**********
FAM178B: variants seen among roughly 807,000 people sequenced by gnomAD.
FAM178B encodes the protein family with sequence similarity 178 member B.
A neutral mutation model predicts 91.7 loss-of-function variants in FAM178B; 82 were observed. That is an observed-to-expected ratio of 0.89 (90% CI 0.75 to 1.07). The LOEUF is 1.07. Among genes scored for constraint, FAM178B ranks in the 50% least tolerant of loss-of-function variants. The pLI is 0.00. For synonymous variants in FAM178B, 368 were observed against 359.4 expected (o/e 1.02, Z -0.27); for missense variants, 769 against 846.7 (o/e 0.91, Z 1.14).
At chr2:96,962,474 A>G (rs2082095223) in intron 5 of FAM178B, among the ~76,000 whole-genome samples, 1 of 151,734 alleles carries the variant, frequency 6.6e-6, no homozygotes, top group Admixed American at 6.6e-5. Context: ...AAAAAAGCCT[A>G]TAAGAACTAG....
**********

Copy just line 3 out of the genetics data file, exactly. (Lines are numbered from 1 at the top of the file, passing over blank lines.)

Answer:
A neutral mutation model predicts 91.7 loss-of-function variants in FAM178B; 82 were observed. That is an observed-to-expected ratio of 0.89 (90% CI 0.75 to 1.07). The LOEUF is 1.07. Among genes scored for constraint, FAM178B ranks in the 50% least tolerant of loss-of-function variants. The pLI is 0.00. For synonymous variants in FAM178B, 368 were observed against 359.4 expected (o/e 1.02, Z -0.27); for missense variants, 769 against 846.7 (o/e 0.91, Z 1.14).